How we use energy as part of our daily lives is no longer something that is relegated to background noise status. Instead, energy use and efficiency now forms a main focus in many debates and there are many energy tech trends which you should embrace to make the most of this situation.
As a series of energy reports from npower makes clear, accurately understanding how energy costs are arrived at is complicated. Their CEO, Paul Massara, posted a helpful video that gave an insightful interview of their Energy Explained event which aims to demystify some of the common misconceptions concerning energy.
For example, did you know there are actually more than 140 companies involved with producing, supplying and trading energy in the UK and that your supplier is only responsible for around 20% of energy prices? It is figures like this that certainly put things into perspective and encourage energy tech trends.
Energy generation and monitoring energy use are two big areas where embracing new technology will start to have a real impact in the short-term.
There are two main schemes being implemented by the government to encourage the generation of renewable energy: Feed-in Tariff (FIT) and the Renewable Heat Incentive (RHI). The FIT scheme offers flexibility and sustainability to customers, without compromising on quality of supply. Customers using solar panels at home get paid for the electricity they generate, as well as that they export to the grid. However should they need to receive extra power from the grid they still have access to this.
RHI comes into force this year and works in a similar way to the FIT scheme. According to the Solar Trade Association, this scheme offers payments ranging from £1,150 to over £3,000. While this will vary according to the size and nature of the unit, it’s a credible difference maker in terms of environmental, cost and consumption concerns.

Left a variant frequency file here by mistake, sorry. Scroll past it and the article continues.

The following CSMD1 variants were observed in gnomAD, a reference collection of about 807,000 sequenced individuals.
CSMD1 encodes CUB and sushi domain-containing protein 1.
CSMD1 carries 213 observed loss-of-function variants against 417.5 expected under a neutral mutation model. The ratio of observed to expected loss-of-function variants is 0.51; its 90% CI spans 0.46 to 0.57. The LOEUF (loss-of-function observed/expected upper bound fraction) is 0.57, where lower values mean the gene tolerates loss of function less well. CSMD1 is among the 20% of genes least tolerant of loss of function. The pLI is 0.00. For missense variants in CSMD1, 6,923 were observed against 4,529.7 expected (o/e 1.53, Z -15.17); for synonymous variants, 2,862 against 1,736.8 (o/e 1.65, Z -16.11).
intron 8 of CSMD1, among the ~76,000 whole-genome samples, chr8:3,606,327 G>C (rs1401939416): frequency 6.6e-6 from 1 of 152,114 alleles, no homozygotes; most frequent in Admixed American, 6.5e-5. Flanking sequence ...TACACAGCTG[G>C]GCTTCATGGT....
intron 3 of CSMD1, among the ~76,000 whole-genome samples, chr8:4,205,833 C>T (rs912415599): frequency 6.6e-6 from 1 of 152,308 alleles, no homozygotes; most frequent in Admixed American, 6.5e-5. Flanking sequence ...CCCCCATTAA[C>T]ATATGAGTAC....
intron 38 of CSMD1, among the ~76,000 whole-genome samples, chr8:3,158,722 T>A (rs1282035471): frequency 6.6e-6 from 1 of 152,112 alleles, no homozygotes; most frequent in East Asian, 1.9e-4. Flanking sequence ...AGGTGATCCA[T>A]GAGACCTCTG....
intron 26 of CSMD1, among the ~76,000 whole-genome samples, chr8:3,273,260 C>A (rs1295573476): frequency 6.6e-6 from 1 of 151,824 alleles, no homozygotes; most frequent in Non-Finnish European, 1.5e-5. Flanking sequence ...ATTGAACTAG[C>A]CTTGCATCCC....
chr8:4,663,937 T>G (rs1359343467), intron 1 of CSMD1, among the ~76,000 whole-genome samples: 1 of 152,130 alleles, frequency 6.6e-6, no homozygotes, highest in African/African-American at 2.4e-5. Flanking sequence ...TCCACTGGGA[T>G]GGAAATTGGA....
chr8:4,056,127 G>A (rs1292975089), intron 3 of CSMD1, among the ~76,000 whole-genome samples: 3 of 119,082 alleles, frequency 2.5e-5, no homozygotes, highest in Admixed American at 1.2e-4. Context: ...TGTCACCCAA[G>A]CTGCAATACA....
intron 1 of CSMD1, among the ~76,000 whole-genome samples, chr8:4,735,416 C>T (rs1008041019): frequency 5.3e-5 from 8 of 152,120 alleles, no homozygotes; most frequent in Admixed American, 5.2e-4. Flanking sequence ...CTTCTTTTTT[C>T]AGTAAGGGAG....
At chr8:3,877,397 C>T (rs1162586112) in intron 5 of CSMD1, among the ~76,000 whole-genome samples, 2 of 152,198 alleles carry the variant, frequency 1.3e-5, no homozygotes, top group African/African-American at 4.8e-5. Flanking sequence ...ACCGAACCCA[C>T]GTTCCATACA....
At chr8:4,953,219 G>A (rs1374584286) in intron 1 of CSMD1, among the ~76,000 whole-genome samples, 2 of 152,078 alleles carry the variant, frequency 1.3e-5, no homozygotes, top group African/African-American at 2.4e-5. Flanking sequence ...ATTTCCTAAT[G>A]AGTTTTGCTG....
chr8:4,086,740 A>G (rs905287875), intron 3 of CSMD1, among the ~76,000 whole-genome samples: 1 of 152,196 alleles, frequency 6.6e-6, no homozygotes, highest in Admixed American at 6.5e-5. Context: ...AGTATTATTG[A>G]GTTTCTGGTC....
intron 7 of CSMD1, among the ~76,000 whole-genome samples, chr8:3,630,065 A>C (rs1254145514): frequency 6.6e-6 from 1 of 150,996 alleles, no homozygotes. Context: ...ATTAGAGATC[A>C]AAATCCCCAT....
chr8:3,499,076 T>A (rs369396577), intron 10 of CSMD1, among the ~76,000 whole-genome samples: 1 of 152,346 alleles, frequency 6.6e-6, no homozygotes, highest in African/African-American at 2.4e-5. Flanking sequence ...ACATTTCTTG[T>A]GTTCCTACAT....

When it comes to monitoring energy use, there are a number of small tech options to embrace. Energy monitors offer a snapshot of your actual energy usage, allowing you to estimate the cost and environmental impact of this. This can help you understand whether you’re spending too much on energy and need to start finding ways to reduce this.
Smart meters are becoming a compulsory bit of small tech, expected to be rolled out nationally in 2015. These devices will be really useful for getting more accurate and regular readings, which are sent directly to energy suppliers to eliminate estimated bills.
Much like the FIT and RHI schemes backed by the government, industry schemes are designed to save households money by investing in energy efficiency.
The best example is the Green Deal scheme that provides loans to people to fix the most energy inefficient aspects of their home – such as fitting wall and loft insulation and installing double glazed windows. These loans are paid for through energy bills out of the money saved by having the work done.
While not direct action, selecting a green energy certified tariff is a step toward hybrid technology for homes. Independently certified, each tariff requires an equivalent amount of green power to be bought or renewable schemes invested incomparable to the conventional power generation impact.